“I wasn’t bullied and my family and friends were very supportive, but I hated my skin. I was lucky I didn’t get any nasty remarks, but while my friends wore revealing outfits, I’d hide away in baggy clothes.”
However, when she was 22, after a difficult break up, Sara decided she needed to change how she saw herself.
And in 2015, Sara gathered the courage to submit a photo of herself to Love Your Lines, a tumblr page encouraging women to embrace their stretch marks, scars and other imperfections.
She said: “The Love Your Lines Campaign was my first campaign that I had submitted my story to, as well as my pictures.
“I’ve received 25,000 likes and that was a privileged moment for me because it clicked - I could do something with this! It was just amazing, I literally cried for two hours because I was in disbelief.
“From then on I was dedicated to showing my disorder and raising awareness.
“It really was a difficult journey, difficult road. But with the amazing support group that I had, be it my clinical friend or my cousin, who is also a plus size model, they were the ones that turned me back on the road of self-love, self-confidence.
“I started to look at myself and my body in a completely different way. Up until that point I want to say I wasn’t fulfilling life.
"I was very insecure when I was younger and now I feel I am the most confident I have ever been.
"I tried to cover up my skin constantly. And I didn’t want to talk about it. But now I think it’s just the most beautiful thing ever.
“Just the uniqueness and the rarity and the way the lines form and just the art that is made from just the patterns that are there. It’s amazing. It makes me so sad that I looked at it as just this ugly thing at one point in time."
One of Sara’s biggest supporters and the reason she got into modelling, is her girlfriend, Briana Berglund, who is now Sara’s personal photographer.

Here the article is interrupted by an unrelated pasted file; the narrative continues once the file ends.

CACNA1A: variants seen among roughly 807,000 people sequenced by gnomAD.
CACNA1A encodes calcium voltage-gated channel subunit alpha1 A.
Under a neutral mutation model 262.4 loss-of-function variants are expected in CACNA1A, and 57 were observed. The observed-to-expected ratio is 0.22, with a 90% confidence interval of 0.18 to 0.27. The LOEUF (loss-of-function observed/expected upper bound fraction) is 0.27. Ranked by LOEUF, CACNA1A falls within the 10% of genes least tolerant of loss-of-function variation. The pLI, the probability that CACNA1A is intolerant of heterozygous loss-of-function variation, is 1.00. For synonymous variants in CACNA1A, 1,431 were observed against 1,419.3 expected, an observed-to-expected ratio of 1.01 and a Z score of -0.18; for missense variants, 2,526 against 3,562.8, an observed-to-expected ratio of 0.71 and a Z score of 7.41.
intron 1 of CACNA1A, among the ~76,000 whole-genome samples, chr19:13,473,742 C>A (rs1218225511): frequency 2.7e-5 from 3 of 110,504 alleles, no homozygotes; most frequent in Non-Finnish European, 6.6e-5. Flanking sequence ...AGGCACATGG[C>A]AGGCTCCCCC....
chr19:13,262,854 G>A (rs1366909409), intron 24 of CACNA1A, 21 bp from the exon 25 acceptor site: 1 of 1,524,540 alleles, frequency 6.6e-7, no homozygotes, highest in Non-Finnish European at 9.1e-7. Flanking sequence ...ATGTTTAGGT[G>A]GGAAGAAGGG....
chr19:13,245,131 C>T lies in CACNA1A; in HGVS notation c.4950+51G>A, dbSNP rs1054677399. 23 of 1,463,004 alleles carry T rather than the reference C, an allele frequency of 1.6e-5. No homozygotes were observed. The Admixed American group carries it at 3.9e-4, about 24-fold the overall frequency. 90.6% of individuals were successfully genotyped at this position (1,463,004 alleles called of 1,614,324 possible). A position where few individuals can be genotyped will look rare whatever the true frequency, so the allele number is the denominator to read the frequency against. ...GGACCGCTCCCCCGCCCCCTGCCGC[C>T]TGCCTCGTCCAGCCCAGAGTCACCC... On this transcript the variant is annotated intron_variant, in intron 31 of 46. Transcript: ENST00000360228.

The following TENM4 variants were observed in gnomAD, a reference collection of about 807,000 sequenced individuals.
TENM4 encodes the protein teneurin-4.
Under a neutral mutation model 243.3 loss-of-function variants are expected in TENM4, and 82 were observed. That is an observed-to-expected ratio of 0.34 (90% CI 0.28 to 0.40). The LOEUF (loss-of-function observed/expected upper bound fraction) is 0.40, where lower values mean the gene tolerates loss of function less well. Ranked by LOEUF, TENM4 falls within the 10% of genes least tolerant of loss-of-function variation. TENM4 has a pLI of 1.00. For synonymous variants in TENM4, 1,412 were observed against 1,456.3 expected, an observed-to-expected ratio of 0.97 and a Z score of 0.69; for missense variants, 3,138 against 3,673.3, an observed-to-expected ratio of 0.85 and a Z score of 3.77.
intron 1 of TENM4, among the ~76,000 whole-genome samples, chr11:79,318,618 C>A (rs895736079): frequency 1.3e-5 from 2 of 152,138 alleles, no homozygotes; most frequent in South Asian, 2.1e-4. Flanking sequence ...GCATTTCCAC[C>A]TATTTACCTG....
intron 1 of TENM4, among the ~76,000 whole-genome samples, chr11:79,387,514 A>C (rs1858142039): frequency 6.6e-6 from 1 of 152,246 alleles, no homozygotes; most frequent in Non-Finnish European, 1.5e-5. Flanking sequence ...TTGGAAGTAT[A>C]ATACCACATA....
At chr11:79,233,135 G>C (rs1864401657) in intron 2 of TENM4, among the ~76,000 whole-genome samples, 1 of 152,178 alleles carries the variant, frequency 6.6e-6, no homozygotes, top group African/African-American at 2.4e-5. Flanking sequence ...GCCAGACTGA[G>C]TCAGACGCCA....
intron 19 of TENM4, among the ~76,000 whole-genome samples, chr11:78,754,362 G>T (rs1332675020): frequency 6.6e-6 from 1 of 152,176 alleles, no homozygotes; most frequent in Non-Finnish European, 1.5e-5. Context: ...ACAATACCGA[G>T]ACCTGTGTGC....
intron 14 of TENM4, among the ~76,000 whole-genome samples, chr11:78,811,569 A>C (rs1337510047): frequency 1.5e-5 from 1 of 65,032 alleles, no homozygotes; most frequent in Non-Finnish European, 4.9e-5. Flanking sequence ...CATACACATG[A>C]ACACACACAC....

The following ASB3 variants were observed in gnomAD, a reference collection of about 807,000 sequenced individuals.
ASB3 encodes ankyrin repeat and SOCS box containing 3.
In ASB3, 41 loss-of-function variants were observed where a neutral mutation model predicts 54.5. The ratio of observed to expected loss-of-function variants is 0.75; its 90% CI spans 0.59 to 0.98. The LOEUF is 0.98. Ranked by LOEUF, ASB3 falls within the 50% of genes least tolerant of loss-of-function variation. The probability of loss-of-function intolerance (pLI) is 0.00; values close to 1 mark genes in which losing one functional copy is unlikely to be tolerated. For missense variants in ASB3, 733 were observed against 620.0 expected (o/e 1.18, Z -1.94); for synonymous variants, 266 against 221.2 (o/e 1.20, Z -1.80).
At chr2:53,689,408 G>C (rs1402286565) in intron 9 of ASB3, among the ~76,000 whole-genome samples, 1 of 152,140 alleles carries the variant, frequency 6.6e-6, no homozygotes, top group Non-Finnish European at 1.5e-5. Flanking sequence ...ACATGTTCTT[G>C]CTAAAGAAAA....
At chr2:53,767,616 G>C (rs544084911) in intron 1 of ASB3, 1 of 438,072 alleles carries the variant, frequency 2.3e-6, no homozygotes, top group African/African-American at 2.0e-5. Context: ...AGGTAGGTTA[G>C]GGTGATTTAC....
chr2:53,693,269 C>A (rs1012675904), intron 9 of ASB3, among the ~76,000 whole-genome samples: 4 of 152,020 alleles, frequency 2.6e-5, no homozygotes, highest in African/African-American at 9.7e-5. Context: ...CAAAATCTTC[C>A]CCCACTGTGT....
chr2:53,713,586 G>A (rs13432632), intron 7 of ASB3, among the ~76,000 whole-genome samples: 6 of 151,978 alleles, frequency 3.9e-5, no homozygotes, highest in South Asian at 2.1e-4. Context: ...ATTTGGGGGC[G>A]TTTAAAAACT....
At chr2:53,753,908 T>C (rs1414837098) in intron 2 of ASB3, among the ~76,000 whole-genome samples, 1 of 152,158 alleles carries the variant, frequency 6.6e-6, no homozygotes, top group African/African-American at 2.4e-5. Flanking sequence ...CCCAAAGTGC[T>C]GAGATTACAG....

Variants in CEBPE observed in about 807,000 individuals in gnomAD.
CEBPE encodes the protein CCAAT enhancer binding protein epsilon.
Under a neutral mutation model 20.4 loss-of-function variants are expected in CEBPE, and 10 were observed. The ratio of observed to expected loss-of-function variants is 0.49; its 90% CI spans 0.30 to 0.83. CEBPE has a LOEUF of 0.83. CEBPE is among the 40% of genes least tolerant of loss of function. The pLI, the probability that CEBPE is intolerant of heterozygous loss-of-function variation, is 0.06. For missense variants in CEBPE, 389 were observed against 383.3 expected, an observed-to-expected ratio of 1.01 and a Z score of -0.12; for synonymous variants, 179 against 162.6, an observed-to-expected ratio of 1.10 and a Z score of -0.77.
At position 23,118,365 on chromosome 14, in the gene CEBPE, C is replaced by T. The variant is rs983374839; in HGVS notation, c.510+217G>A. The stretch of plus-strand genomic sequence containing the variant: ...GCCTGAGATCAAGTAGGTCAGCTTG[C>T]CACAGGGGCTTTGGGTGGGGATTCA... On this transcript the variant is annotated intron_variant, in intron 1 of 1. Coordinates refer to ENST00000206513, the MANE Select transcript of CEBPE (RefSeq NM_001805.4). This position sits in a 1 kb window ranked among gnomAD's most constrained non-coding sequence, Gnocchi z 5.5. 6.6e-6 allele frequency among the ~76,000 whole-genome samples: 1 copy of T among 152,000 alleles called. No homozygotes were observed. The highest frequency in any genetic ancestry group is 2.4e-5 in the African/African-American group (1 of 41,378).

Briana said: “I’m so proud she’s come so far over the last couple of years. It’s just crazy how much she has really come out of her shell and she is just so amazing I’m so proud of her.
"I don’t really see the disability or disorder in Sara. I think she is just beautiful the way she is. I don’t really notice any difference in her from anyone else.
"We started taking photos probably about two years ago, just using just a phone and then we upgraded to a Nikon.
“We like to travel and just take photos pretty much anywhere we can. We like to do lots of street-style photos, lots of photos in the studio and we like to rent out studios and do a photography there too.
"I really love to take photos of Sarah because she is so beautiful and its so much fun I love it its one of my passions."
At one point in her life Sara’s skin was her biggest insecurity, now she takes pride in her unique look and fully embraces it as she heads towards a career in modelling.
She said: “My main aspirations for modelling with Ehlers-Danlos would be to break society’s standards and the mentality that they have for perfection and what is viewed as perfection out there in media, in magazines and everything, and to really show that it is your imperfections and your uniqueness that is the true beauty out there.
“We are in the generation of albinism models. We have melanin models. We have vitiligo models. We have plus size models. And those are all fabulous things. But the one thing that we are really missing are people with disorders within our everyday commercials.
"Personally I hope that by getting out there with modelling with my Ehlers-Danlos, I am able to almost be the face of Ehlers-Danlos. And not only, you know, raise awareness but spread the word, connect with people."
Sara plans to move to LA, where she hopes she can properly promote her modelling career.
"I would like to go out to LA as soon as possible, given the modelling industry out there. I want to connect with new people new to try and get my story out there and raise as much awareness as I can. That would probably be my venture for the rest of my life. “